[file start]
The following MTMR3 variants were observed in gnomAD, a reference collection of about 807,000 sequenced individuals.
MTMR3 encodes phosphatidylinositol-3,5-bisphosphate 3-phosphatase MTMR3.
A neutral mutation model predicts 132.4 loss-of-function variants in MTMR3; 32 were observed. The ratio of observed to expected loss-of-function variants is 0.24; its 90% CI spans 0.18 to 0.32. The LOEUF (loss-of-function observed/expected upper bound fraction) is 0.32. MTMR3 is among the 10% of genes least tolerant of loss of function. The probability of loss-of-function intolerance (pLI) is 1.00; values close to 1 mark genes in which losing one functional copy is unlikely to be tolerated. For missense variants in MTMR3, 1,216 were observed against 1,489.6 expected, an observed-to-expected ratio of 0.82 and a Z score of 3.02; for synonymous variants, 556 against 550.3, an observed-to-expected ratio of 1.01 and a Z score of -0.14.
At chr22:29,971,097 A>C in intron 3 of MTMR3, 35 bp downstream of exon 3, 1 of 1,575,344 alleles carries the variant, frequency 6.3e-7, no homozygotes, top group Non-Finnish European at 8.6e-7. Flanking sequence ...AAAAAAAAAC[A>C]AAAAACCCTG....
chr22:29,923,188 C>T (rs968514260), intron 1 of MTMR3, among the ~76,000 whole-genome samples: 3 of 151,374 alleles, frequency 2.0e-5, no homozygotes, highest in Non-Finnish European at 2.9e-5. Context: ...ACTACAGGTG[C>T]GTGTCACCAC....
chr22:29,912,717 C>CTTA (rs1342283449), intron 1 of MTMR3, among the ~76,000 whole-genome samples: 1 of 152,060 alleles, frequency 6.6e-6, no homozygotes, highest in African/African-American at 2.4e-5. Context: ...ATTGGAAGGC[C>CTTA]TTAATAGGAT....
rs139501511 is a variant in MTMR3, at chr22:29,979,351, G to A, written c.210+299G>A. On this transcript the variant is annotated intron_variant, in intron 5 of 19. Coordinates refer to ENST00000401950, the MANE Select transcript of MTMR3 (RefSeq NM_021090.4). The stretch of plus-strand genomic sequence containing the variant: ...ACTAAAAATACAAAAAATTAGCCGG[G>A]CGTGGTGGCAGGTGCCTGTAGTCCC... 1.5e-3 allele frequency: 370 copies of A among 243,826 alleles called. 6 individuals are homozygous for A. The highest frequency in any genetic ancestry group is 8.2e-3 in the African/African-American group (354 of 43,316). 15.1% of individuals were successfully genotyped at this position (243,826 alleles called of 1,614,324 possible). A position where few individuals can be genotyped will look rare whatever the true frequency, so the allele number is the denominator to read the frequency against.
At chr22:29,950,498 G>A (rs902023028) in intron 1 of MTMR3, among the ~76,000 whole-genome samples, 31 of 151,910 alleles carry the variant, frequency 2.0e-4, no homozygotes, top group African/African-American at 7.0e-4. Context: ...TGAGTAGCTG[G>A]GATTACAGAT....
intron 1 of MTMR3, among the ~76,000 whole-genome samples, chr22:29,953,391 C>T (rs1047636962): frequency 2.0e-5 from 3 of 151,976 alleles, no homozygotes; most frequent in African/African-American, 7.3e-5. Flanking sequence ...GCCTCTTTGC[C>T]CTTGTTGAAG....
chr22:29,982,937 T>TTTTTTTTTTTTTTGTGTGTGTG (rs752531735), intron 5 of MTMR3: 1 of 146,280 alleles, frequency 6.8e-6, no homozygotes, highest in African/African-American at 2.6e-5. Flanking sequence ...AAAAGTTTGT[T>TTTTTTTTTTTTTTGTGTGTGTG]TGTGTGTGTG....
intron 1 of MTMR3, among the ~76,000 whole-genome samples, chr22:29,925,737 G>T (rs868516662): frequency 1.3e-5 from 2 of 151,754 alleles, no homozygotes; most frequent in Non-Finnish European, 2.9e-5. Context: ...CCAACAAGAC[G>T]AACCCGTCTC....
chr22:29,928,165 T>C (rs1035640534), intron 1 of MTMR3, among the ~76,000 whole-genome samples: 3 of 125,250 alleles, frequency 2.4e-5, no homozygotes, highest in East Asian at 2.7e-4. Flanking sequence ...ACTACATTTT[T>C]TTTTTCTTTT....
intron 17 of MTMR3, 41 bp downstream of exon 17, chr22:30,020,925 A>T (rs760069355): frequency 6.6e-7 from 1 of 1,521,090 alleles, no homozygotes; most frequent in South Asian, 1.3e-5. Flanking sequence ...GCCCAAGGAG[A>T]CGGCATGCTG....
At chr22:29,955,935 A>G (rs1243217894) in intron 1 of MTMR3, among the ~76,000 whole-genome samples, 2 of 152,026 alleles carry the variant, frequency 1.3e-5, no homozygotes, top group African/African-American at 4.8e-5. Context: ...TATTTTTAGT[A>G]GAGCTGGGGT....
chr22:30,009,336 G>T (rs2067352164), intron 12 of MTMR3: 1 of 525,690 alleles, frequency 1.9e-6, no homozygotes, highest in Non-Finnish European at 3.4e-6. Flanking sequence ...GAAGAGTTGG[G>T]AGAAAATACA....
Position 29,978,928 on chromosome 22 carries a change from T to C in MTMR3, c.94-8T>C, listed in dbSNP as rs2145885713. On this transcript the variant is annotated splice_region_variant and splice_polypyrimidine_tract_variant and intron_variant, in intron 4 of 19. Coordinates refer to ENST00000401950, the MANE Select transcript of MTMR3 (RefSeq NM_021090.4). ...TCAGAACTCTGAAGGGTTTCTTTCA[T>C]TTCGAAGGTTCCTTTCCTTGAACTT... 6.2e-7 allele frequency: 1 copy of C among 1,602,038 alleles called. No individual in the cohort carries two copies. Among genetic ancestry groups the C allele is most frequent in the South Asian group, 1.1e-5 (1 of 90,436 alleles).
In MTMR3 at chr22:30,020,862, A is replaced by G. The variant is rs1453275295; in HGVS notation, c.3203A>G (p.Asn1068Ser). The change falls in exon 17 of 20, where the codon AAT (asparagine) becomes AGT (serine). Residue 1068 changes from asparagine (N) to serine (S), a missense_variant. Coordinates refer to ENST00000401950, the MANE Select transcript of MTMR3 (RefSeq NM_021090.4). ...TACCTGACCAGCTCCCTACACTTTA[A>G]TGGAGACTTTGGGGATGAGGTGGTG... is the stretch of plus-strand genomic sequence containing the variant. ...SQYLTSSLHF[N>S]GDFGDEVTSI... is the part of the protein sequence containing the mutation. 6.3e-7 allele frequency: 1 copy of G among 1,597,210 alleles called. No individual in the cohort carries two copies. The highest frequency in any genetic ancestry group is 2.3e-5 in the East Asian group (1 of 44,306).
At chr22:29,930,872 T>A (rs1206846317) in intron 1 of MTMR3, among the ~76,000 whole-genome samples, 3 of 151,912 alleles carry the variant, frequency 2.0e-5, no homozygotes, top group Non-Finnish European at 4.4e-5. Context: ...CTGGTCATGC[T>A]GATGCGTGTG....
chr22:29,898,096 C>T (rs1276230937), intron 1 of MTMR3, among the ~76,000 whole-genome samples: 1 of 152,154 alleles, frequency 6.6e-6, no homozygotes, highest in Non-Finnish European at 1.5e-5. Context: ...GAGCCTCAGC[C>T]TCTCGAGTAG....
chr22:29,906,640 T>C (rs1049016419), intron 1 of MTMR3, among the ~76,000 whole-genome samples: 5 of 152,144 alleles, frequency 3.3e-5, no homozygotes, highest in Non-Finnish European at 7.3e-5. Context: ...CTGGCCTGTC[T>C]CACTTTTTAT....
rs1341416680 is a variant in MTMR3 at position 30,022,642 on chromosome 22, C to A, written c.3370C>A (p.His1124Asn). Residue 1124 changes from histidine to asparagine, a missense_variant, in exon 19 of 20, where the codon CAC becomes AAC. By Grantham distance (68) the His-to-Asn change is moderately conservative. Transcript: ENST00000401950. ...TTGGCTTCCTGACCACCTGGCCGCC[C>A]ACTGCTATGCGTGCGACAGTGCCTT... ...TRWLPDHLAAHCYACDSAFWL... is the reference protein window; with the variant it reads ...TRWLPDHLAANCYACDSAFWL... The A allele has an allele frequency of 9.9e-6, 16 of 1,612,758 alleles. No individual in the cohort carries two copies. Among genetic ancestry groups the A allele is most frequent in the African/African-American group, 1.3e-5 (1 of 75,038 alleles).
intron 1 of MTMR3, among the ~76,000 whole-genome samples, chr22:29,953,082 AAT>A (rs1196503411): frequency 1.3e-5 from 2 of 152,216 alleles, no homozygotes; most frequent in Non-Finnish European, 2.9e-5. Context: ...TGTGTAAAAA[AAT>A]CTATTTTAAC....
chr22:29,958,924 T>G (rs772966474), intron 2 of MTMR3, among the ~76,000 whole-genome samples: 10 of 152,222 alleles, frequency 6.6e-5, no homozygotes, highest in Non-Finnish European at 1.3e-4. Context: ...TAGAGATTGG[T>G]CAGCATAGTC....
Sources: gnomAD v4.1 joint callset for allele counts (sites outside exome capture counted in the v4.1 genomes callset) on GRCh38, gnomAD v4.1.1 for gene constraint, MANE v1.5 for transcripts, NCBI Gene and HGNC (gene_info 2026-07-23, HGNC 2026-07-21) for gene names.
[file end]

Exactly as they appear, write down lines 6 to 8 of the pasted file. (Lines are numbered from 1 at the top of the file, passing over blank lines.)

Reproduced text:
chr22:29,912,717 C>CTTA (rs1342283449), intron 1 of MTMR3, among the ~76,000 whole-genome samples: 1 of 152,060 alleles, frequency 6.6e-6, no homozygotes, highest in African/African-American at 2.4e-5. Context: ...ATTGGAAGGC[C>CTTA]TTAATAGGAT....
rs139501511 is a variant in MTMR3, at chr22:29,979,351, G to A, written c.210+299G>A. On this transcript the variant is annotated intron_variant, in intron 5 of 19. Coordinates refer to ENST00000401950, the MANE Select transcript of MTMR3 (RefSeq NM_021090.4). The stretch of plus-strand genomic sequence containing the variant: ...ACTAAAAATACAAAAAATTAGCCGG[G>A]CGTGGTGGCAGGTGCCTGTAGTCCC... 1.5e-3 allele frequency: 370 copies of A among 243,826 alleles called. 6 individuals are homozygous for A. The highest frequency in any genetic ancestry group is 8.2e-3 in the African/African-American group (354 of 43,316). 15.1% of individuals were successfully genotyped at this position (243,826 alleles called of 1,614,324 possible). A position where few individuals can be genotyped will look rare whatever the true frequency, so the allele number is the denominator to read the frequency against.
At chr22:29,950,498 G>A (rs902023028) in intron 1 of MTMR3, among the ~76,000 whole-genome samples, 31 of 151,910 alleles carry the variant, frequency 2.0e-4, no homozygotes, top group African/African-American at 7.0e-4. Context: ...TGAGTAGCTG[G>A]GATTACAGAT....